'Brigade' staff on the Shankill. She was able to get good
information on Johnny Adair and his cohorts.

In February 3, 1993 she gave us information that led to
police foiling a UVF murder bid on an innocent Whiteabbey
man the terrorists wrongly believed was in the IRA.

Soon after, she warned us how her husband and others were
seeking sanction from the UVF leadership to attack Trevor
and myself.

Then, in June 1993, 'Sonia' tipped us off that the UVF were
planning a major attack, but she couldn't get any further

Near midnight on June 22, 1993 an agitated 'Sonia' called
to say she needed to meet us urgently. We met her in a car
park at 1.45am.

She said: "They are planning to murder a Provo called
'Kevin' from Ligoneil. They're going to do it this morning
when he's taking his wee girl to nursery on the Ligoneil

I saw Trevor roll his eyes skywards in disbelief. It was
the same 'Kevin' we'd been warned was trying to kill us.
Talk about a twist of fate!

'Sonia' was able to confirm that a gunman called George
Waters jnr had been chosen. She said he'd been ordered not
to kill the little girl.

But Waters had been boasting that he intended to kill both
father and child, arguing that, in 14 years' time, the girl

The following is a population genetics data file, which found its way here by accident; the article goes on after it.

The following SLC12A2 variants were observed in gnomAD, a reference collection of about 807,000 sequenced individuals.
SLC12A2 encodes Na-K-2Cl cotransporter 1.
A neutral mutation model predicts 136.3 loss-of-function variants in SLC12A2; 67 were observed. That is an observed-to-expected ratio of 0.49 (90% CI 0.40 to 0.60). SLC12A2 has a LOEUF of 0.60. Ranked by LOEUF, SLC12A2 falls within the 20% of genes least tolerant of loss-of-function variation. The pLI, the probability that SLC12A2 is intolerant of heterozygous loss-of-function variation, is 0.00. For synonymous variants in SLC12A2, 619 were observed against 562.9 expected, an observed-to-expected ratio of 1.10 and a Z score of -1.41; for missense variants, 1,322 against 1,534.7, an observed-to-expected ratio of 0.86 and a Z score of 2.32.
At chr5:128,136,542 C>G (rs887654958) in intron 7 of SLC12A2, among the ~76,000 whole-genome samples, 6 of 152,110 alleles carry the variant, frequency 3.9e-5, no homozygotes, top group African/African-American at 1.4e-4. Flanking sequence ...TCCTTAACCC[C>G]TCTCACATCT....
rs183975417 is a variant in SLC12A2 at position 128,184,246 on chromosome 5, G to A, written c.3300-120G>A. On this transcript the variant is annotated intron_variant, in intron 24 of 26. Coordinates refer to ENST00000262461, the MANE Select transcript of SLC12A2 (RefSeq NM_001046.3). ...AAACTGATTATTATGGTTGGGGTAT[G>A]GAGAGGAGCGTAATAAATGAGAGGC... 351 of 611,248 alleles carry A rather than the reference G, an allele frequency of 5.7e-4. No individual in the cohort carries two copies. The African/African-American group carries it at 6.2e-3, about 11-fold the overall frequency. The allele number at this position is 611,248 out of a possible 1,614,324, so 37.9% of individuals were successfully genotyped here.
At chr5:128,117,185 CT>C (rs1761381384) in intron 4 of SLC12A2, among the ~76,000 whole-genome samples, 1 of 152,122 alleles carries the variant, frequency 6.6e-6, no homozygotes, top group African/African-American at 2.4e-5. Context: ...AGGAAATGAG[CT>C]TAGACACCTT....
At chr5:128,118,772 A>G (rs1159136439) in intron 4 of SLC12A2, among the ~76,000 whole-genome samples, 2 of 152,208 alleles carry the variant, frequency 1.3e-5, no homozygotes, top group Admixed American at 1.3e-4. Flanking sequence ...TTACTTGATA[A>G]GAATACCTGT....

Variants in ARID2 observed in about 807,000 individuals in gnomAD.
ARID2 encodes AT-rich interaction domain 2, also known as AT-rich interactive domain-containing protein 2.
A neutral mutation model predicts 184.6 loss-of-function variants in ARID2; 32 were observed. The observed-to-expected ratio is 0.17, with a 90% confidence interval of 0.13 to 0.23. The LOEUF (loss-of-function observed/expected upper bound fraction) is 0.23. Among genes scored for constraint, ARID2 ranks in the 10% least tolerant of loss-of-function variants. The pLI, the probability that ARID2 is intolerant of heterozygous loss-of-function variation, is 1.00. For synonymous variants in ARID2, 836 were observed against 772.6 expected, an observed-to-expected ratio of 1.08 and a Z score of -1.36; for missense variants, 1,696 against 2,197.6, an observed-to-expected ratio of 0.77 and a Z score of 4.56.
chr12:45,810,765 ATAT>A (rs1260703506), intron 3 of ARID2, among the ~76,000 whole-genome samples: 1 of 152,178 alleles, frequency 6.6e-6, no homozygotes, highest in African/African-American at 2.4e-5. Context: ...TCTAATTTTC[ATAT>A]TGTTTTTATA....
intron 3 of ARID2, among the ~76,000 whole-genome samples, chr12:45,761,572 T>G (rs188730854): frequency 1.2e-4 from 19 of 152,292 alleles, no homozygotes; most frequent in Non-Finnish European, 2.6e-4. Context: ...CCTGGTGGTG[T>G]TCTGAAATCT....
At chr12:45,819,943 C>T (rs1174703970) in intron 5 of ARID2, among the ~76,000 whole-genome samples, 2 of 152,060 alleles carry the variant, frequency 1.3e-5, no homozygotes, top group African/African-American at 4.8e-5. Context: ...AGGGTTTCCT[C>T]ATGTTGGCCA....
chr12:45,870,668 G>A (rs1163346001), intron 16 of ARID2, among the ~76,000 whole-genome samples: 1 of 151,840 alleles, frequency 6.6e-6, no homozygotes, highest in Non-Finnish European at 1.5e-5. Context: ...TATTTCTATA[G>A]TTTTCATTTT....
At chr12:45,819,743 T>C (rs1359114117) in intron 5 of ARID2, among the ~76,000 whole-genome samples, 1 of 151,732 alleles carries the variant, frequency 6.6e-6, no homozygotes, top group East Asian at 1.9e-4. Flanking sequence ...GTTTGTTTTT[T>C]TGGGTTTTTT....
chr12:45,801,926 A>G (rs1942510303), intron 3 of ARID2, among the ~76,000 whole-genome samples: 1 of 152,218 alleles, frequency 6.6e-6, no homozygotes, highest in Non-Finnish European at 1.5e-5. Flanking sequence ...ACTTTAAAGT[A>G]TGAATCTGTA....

would be a Sinn Fein voter.

He had been instructed to fire a single shot from a VZ58
rifle, but he was bragging he would stick it on automatic,
and claim he'd lost control of it.

The murder was planned for 9.30am - it was already almost

'Sonia' rummaged in her handbag and gave me a piece of
paper with the location of the nursery school and the names
of the UVF team assisting Waters.

'Kevin's' alleged membership of the IRA was neither here
nor there as far as Trevor and I were concerned. Our only
concern was that two lives were under threat.

We were also obliged under the rules to take the
information to Special Branch.

If Special Branch Support Units (SSUs) moved quickly, there
was a good chance they could arrest the UVF team and
recover the weapons.

Only Special Branch had the resources to conduct such
operations and to confront terrorists and take them down.

We rang ahead and arranged to meet with our Special Branch
contact at Castlereagh.

As I read out the six UVF names, he stopped at one, saying:
"He is one of ours".

But this Branch informant had not passed on details of the
murder plot.

"So, tell me this, if he's not reporting it in, does he
still get protected?" I asked.

The Special Branch officer's answer astounded me. He
explained that the UVF source was not required to report
anything to do with "the military", that his role was to
mingle with top UVF men and to report on changes in
leadership, political direction or strategy.

But I knew our Branch contact was a decent man and that he
would do all he could to persuade the powers-that-be to
take down this vicious UVF unit, rather than simply swamp
the area with police and force them to abandon the murder

By 7am we had fully briefed Special Branch on 'Sonia's'